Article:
TAU at the crossroads

07.02.2005: Lorenz Gonschor, Honolulu

What is at stake in this election is the future direction of French Polynesia (Tahiti): Will France’s "overseas territory” continue to be ruled by an authoritarian, corrupted pro-French oligarchy, or will it take a new path of pluralism, democracy and social justice, slowly moving towards self-determination and independence, as it had briefly experienced during four months last year?

For the first time in their country’s history, the Maohi (French Polynesian) people seem to have a relatively fair choice between those two options. While the former is represented by Gaston Flosse, French Polynesia’s current president, the latter is championed by Oscar Temaru, long-term leader of the country’s independence movement, who was elected president in last year’s general elections.

After four months of Taui ("change” in Tahitian, the term has become the motto of Temaru and his followers), Flosse was able to make one of the governing coalition’s members change sides, thus overthrowing Temaru’s government in a motion of no confidence on October 9.

Since then the country has experienced a period of turmoil and instability. Supported by the French government and the local French authorities, Flosse has regained the presidency (although the legitimacy of his takeover remains contested). Temaru’s followers responded with the largest protest march in the territory’s history — more than 22,000 participants, collected 43,000 signatures calling for the immediate dissolution of the assembly and fresh elections and occupied various government buildings in Papeete, French Polynesia’s capital.

The two main protagonists in this struggle are the antithesis of each other: Gaston Flosse, 73, was born on the isolated outer island of Mangareva to a French father and a Polynesian mother. After moving to Tahiti, he worked as a schoolteacher and soon became associated with some of the leading part-Tahitian families of Papeete’s business establishment. Entrusted by some of these leaders, he quickly rose to a prominent position in both politics and business. Systematically, France and the local establishment formed him to serve their interests and fight popular anti-nuclear and anti-colonial movements.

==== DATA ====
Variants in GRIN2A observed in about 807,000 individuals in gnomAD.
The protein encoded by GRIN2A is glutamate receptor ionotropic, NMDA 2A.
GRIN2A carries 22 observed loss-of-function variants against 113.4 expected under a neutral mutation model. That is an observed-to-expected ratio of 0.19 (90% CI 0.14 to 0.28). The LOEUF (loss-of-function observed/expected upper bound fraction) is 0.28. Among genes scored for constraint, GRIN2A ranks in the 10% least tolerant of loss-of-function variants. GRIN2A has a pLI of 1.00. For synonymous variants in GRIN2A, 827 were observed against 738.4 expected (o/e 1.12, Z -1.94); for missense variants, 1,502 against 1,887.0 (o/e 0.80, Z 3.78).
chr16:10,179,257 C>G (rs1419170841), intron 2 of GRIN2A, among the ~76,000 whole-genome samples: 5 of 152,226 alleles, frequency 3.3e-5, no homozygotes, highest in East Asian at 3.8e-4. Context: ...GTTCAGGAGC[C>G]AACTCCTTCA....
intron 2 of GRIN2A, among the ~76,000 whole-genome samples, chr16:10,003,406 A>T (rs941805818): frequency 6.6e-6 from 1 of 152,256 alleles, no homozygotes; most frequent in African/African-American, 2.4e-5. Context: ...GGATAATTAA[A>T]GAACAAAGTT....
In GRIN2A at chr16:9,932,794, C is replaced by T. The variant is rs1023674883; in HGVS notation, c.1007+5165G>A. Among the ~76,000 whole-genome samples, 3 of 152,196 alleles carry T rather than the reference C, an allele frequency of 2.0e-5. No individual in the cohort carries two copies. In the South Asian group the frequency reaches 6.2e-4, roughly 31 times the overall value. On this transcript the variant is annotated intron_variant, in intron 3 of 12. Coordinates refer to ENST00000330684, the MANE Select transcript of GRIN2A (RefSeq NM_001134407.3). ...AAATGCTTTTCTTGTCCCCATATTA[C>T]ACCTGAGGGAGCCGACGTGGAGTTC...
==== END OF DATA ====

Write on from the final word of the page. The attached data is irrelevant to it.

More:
Crucial to his career was his personal friendship with leading French right-wing politician Jacques Chirac, now France’s president. Since 1982, Flosse has almost continuously been the head of the autonomous local government. While often giving the impression of simply being a French puppet, Flosse also has his own agenda. In order to obtain votes from the traditionally anti-French lower classes as well, he developed a pseudo-nationalist discourse, preferring to call the country Tahiti Nui (Greater Tahiti) and creating "national” symbols like a flag, an anthem and an order of merit.

In recent years, this pseudo-nationalism has been underlined by wasteful public spending for oversized prestige projects, like a huge presidential palace, a presidential airplane, and many other symbols of the government’s power and wealth. None of these symbols are truly Polynesian, however, and in spite of al his talk about local identity, Flosse is essentially a professional French politician.

Temaru, on the other hand, has never tried to become part of the colonial establishment. Born in the poor suburb of Faa’a in 1944, he worked most of his life as a customs officer and dedicated his leisure time to the political struggle for the liberation of his people. In 1977, he founded the Liberation Front of Polynesia, later called the People’s Servant for the Land of the Maohi, Tahiti’s largest pro-independence party and the only serious political alternative to Flosse.

In 1983, Temaru became mayor of Faa’a, a position he holds to this day. During the time of nuclear testing, the anti-nuclear independence activists suffered much oppression from the French government as well as hatred from the local establishment. At one time, Temaru barely escaped an assassination attempt. Not impressed by such threats, he continued his way.